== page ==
|Publication number||US6469529 B1|
|Application number||US 09/580,716|
|Publication date||Oct 22, 2002|
|Filing date||May 30, 2000|
|Priority date||May 30, 2000|
|Publication number||09580716, 580716, US 6469529 B1, US 6469529B1, US-B1-6469529, US6469529 B1, US6469529B1|
|Inventors||Michael R. Bruce, Rama R. Goruganthu, Glen Gilfeather|
|Original Assignee||Advanced Micro Devices, Inc.|
|Export Citation||BiBTeX, EndNote, RefMan|
|Patent Citations (7), Non-Patent Citations (19), Referenced by (12), Classifications (5), Legal Events (4)|
|External Links: USPTO, USPTO Assignment, Espacenet|
The present invention is related to U.S. patent application Ser. No. 09/409,088, filed on Sep. 30, 1999 and entitled “Quadrant Avalanche Photodiode Time-resolved Detection”, which is a continuation-in-part of U.S. patent application Ser. No. 09/205,589, filed on Dec. 4, 1998 and entitled “Single Point High Resolution Time Resolved Photoemission Microscopy System and Method”, which are hereby fully incorporated by reference.
The present invention relates generally to semiconductor wafers and their fabrication and, more particularly, to semiconductor wafers and their manufacture involving techniques for analyzing the wafers.
The semiconductor industry has recently experienced technological advances that have permitted dramatic increases in integrated circuit density and complexity, and equally dramatic decreases in power consumption and package sizes. Present semiconductor technology now permits single-chip microprocessors with many millions of transistors, operating at speeds of hundreds of millions of instructions per second to be packaged in relatively small, air-cooled semiconductor device packages.
A by-product of such high-density and high functionality is an increased demand for products employing these microprocessors and devices for use in numerous applications. As the use of these devices has become more prevalent, the demand for faster operation and better reliability has increased. Such devices often require manufacturing processes that are highly complex and expensive.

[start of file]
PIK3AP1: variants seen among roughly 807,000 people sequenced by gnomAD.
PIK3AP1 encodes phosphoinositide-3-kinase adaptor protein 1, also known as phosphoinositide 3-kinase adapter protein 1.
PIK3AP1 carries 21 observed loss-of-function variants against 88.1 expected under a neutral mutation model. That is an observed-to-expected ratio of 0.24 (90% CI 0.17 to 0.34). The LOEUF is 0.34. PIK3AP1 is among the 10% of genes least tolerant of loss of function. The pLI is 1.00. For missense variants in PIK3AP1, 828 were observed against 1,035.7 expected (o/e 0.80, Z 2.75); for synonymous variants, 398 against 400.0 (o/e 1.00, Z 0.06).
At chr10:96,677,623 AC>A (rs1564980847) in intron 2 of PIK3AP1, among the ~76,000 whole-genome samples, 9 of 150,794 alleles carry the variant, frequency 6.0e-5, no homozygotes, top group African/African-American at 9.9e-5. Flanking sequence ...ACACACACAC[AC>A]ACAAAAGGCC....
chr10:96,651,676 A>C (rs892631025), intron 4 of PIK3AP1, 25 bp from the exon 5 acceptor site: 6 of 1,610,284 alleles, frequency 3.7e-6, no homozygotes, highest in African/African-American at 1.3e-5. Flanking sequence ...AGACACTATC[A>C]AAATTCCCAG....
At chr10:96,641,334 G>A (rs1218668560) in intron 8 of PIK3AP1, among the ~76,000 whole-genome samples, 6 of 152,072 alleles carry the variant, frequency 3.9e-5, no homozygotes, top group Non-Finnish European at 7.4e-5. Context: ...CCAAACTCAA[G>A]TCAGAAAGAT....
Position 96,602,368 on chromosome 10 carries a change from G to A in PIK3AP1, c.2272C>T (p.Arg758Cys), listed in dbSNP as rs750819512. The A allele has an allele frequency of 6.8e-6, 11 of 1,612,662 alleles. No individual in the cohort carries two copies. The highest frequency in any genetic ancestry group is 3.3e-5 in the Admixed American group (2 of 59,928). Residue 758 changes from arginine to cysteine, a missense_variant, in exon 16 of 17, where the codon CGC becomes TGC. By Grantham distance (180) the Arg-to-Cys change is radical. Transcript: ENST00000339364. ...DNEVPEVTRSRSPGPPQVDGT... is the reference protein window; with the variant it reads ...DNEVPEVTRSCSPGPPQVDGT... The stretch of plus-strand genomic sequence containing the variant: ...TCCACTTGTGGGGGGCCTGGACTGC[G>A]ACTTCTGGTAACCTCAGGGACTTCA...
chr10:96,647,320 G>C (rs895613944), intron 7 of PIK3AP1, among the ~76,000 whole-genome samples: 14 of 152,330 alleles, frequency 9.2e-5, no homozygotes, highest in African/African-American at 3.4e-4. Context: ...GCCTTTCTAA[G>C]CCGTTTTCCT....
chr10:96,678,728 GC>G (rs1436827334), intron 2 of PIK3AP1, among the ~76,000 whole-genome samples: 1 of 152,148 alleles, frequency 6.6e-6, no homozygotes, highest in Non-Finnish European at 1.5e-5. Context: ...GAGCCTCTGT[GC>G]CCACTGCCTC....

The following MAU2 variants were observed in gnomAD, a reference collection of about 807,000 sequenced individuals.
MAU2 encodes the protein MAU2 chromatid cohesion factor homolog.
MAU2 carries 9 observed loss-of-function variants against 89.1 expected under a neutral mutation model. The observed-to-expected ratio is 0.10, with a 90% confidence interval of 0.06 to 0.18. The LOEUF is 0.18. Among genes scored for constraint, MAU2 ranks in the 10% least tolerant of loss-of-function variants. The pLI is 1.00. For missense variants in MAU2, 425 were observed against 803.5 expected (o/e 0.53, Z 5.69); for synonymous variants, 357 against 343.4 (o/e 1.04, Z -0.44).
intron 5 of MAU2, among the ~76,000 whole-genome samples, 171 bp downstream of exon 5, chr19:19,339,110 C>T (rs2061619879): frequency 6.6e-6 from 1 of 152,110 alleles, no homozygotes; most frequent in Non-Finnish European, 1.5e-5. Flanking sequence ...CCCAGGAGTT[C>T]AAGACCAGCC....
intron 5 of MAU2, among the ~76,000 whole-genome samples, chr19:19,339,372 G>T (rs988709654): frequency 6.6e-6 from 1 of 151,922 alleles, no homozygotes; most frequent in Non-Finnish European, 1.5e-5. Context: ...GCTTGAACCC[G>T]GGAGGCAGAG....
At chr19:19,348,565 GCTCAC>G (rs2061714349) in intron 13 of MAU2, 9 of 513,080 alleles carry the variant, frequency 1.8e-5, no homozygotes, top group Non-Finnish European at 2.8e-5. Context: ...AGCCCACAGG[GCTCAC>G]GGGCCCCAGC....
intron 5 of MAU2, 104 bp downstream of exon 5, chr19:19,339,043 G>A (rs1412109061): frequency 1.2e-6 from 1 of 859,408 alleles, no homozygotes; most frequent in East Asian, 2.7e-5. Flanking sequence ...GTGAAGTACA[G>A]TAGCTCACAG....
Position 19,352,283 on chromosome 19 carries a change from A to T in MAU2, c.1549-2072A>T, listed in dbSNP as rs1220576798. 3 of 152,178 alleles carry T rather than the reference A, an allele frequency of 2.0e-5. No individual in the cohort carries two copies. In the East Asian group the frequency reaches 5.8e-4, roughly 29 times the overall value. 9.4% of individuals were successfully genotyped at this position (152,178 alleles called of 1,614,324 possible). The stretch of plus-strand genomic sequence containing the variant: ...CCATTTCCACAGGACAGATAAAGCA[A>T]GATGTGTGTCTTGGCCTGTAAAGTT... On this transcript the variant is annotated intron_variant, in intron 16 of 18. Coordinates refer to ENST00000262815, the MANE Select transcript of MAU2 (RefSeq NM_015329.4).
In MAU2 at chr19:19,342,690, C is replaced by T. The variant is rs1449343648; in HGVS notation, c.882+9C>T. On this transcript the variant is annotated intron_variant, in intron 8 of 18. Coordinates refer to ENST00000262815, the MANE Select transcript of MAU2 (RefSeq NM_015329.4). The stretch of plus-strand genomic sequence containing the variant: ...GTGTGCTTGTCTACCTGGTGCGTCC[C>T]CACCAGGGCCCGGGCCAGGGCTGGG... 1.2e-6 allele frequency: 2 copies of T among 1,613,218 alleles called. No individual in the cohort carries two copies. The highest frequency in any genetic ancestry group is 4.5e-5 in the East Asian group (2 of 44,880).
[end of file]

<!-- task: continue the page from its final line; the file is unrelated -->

As the manufacturing processes for semiconductor devices and integrated circuits increase in difficulty, methods for testing and debugging these devices become increasingly important. Not only is it important to ensure that individual chips are functional, it is also important to ensure that batches of chips perform consistently. In addition, the ability to detect a defective manufacturing process early is helpful for reducing the number of defective devices manufactured.
Various types of semiconductor devices and manufacturing systems require or benefit from one or more test, debug, or other analysis methods. Some structures are analyzed using several equipment types and/or methods, depending upon the type of information that is sought. In order to obtain different kinds of information, it is often desirable to test a particular semiconductor structure using multiple tools and/or analysis methods.
One type of analysis that can be performed is based upon hot carrier emissions, such as photons typically emitted from CMOS inverters during a logic state change. However, these emissions occur on time scales faster than 100 ps in modem integrated circuits. Therefore, a fast (greater than 100 ps) detector is necessary for recording these events. In addition, many devices from which the emissions are detected are often located in close proximity, necessitating a detector having high spatial resolution. For instance, current semiconductor technology permits the formation of transistors having a pitch on a micron or even sub-micron order.
There are various detectors and detection methods that are available for hot carrier emission analysis. For instance, a global detector allows parallel acquisition and fast timing resolution of the emissions, but has poor quantum efficiency. A single point avalanche photodiode (APD) detector has high quantum efficiency for fast acquisition but has slow time response. (Quantum efficiency is the ratio of hole-electron pairs or photoelectrons to the number of photons received by a photodetector. In general, the quantum efficiency can be as high as 80% for an APD and 25% for a PMT). A germanium (Ge), Gallium Arsenide (GaAs), or Indium Gallium Arsenide (InGaAs) APD can be added to speed acquisition, but each also generally exhibits a slow time response. For information regarding an example global detector, reference may be made to J. A. Kash and J. C. Tsang, Dynamic Internal Testing of CMOS Circuits using Hot Luminescence,” IEEE ELECTRON DEVICE LETT., July 1997, vol. 18, at 330 and to U.S. Pat. No. 5,940,545 entitled “Noninvasive Optical Method for Measuring Internal Switching and Other Dynamic Parameters of CMOS Circuits.” For information regarding an example single point APD detector, reference may be made to U.S. Pat. No. 6,255,124, filed on Feb. 8, 1999.